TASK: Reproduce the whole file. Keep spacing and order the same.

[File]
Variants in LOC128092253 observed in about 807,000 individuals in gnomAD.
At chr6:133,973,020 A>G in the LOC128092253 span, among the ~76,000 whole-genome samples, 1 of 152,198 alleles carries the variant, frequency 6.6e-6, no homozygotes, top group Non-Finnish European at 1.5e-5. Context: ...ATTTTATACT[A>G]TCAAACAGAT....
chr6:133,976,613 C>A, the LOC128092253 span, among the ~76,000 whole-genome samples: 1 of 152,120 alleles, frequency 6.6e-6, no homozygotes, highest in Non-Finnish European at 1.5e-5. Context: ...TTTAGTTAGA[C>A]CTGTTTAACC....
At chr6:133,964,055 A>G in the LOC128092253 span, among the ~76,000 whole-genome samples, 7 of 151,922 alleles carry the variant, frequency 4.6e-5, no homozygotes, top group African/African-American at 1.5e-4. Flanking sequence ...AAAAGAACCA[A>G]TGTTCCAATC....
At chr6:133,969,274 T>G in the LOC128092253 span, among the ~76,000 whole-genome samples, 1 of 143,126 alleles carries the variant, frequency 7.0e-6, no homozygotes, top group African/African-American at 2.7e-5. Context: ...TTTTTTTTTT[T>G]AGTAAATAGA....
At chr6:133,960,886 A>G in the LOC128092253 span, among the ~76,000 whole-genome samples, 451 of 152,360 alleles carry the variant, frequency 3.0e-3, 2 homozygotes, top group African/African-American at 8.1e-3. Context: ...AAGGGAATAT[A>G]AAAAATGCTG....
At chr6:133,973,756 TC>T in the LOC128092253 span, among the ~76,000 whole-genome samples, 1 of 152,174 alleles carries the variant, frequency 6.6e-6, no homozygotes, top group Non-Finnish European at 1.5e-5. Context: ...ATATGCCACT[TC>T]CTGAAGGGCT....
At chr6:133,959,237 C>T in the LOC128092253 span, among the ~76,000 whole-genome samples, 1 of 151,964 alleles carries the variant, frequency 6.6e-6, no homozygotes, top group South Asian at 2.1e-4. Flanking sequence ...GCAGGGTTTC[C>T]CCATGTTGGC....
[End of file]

Variants in LOC128092253 observed in about 807,000 individuals in gnomAD.
At chr6:133,973,020 A>G in the LOC128092253 span, among the ~76,000 whole-genome samples, 1 of 152,198 alleles carries the variant, frequency 6.6e-6, no homozygotes, top group Non-Finnish European at 1.5e-5. Context: ...ATTTTATACT[A>G]TCAAACAGAT....
chr6:133,976,613 C>A, the LOC128092253 span, among the ~76,000 whole-genome samples: 1 of 152,120 alleles, frequency 6.6e-6, no homozygotes, highest in Non-Finnish European at 1.5e-5. Context: ...TTTAGTTAGA[C>A]CTGTTTAACC....
At chr6:133,964,055 A>G in the LOC128092253 span, among the ~76,000 whole-genome samples, 7 of 151,922 alleles carry the variant, frequency 4.6e-5, no homozygotes, top group African/African-American at 1.5e-4. Flanking sequence ...AAAAGAACCA[A>G]TGTTCCAATC....
At chr6:133,969,274 T>G in the LOC128092253 span, among the ~76,000 whole-genome samples, 1 of 143,126 alleles carries the variant, frequency 7.0e-6, no homozygotes, top group African/African-American at 2.7e-5. Context: ...TTTTTTTTTT[T>G]AGTAAATAGA....
At chr6:133,960,886 A>G in the LOC128092253 span, among the ~76,000 whole-genome samples, 451 of 152,360 alleles carry the variant, frequency 3.0e-3, 2 homozygotes, top group African/African-American at 8.1e-3. Context: ...AAGGGAATAT[A>G]AAAAATGCTG....
At chr6:133,973,756 TC>T in the LOC128092253 span, among the ~76,000 whole-genome samples, 1 of 152,174 alleles carries the variant, frequency 6.6e-6, no homozygotes, top group Non-Finnish European at 1.5e-5. Context: ...ATATGCCACT[TC>T]CTGAAGGGCT....
At chr6:133,959,237 C>T in the LOC128092253 span, among the ~76,000 whole-genome samples, 1 of 151,964 alleles carries the variant, frequency 6.6e-6, no homozygotes, top group South Asian at 2.1e-4. Flanking sequence ...GCAGGGTTTC[C>T]CCATGTTGGC....